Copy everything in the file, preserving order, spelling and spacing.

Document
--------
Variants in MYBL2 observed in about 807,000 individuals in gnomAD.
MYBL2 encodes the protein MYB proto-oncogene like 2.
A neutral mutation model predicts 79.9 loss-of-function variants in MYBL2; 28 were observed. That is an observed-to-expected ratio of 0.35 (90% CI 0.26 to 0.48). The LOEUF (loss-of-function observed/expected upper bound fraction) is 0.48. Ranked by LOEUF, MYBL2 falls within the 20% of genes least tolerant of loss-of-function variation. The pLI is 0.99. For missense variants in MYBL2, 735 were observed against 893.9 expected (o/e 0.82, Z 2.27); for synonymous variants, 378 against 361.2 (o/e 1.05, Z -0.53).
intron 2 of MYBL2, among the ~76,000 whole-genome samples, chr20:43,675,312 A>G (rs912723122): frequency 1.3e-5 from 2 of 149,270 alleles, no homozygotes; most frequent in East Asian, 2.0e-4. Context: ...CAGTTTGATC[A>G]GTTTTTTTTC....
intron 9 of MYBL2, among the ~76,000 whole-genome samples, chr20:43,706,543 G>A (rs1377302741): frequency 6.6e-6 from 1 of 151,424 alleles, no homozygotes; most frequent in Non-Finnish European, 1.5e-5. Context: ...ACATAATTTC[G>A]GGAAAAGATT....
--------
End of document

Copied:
Variants in MYBL2 observed in about 807,000 individuals in gnomAD.
MYBL2 encodes the protein MYB proto-oncogene like 2.
A neutral mutation model predicts 79.9 loss-of-function variants in MYBL2; 28 were observed. That is an observed-to-expected ratio of 0.35 (90% CI 0.26 to 0.48). The LOEUF (loss-of-function observed/expected upper bound fraction) is 0.48. Ranked by LOEUF, MYBL2 falls within the 20% of genes least tolerant of loss-of-function variation. The pLI is 0.99. For missense variants in MYBL2, 735 were observed against 893.9 expected (o/e 0.82, Z 2.27); for synonymous variants, 378 against 361.2 (o/e 1.05, Z -0.53).
intron 2 of MYBL2, among the ~76,000 whole-genome samples, chr20:43,675,312 A>G (rs912723122): frequency 1.3e-5 from 2 of 149,270 alleles, no homozygotes; most frequent in East Asian, 2.0e-4. Context: ...CAGTTTGATC[A>G]GTTTTTTTTC....
intron 9 of MYBL2, among the ~76,000 whole-genome samples, chr20:43,706,543 G>A (rs1377302741): frequency 6.6e-6 from 1 of 151,424 alleles, no homozygotes; most frequent in Non-Finnish European, 1.5e-5. Context: ...ACATAATTTC[G>A]GGAAAAGATT....